Arch Chair, 1932

The ARCH chair, a timeless masterpiece, combines Bauhaus principles with Scandinavian elegance. Designed by Magnus Læssøe Stephensen in 1932, showcasing his clever and playful use of materials and innovative production methods. The solid oak legs, steam bent into arches, provide stability, serve as armrests, and create a beautiful balance. With finishes like natural oak, ruby red, and auberge, the ARCH chair offers personalization and complements any interior style.

The seat of the ARCH chair is made with a traditional paper cord weave. The interplay between the paper cord and the oak frame creates a harmonious balance between texture and form, enhancing the chair’s appeal as a classic design. The legs of the chair are crafted from two solid oak beams steam bent into two arches. These arches provide stability to the chair and serve as armrests. Additionally, they contribute as an important design element, beautifully balancing the overall composition of the lounge chair.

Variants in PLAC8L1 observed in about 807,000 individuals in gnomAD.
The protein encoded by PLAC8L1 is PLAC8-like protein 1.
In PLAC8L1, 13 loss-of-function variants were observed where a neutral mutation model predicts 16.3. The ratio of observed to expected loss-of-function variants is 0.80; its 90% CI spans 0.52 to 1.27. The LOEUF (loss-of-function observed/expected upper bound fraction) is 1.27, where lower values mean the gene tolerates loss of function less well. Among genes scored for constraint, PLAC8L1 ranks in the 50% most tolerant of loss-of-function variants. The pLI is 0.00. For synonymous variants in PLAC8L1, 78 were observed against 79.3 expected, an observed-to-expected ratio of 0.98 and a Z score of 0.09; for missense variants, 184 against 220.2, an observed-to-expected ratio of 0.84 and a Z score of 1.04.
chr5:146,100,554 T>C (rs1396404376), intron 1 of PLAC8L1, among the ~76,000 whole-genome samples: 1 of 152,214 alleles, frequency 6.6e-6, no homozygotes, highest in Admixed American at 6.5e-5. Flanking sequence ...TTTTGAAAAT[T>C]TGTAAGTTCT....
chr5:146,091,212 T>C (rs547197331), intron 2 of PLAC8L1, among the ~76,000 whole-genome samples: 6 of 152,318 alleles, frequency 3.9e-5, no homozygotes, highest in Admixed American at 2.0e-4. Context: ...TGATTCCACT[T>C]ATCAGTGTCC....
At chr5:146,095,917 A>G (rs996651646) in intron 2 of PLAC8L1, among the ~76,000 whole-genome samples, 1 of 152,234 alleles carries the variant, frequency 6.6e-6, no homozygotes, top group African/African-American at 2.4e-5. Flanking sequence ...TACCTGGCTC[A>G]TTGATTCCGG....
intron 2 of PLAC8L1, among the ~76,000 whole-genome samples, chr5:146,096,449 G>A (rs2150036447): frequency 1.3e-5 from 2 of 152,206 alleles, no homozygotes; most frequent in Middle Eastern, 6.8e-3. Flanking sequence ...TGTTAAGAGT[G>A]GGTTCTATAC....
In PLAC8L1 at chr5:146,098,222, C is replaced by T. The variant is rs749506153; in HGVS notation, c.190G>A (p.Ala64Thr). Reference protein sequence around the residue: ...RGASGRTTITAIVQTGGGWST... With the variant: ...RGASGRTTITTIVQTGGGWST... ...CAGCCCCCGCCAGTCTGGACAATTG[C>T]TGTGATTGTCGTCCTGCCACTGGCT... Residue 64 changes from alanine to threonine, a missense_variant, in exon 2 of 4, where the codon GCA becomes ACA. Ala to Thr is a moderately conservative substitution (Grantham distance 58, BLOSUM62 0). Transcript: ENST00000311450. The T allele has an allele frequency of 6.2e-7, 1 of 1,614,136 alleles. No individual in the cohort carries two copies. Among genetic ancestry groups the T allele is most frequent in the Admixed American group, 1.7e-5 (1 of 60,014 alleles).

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Price Guide : From $3948.00
Availabilty : 18 weeks


designer country of origin warranty
Magnus Læssøe Stephensen Denmark


width height depth
62 cm 75 cm 68 cm


Solid oak and paper cord

Natural oiled, Ruby Red and Auberge Brown


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Magnus Læssøe Stephensen

It was not meant as a compliment when old cabinetmakers called the young architect Magnus Læssøe Stephensen “a revolutionary”. But in a sense they were right. His curating of the important Annual Guild Exhibition was one of the starting points of the “revolution”, which later came to be known as the Golden Age of Danish Design. As curator, Magnus Læssøe Stephensen banned the usual bourgeois polished mahogany drawing room interior from the exhibition. Instead he demanded that the cabinetmaker should cooperate with architects to present a vision of an entire interior for a two bedroom flat, like those most ordinary people were moving into! Bang! 


A new democratic mind-set, suggesting that design was about improving people’s lives, and a mind-set that resulted in an unpretentious aesthetic, where function and respect for craftsmanship is central. This aesthetic has since become synonymous with Nordic design.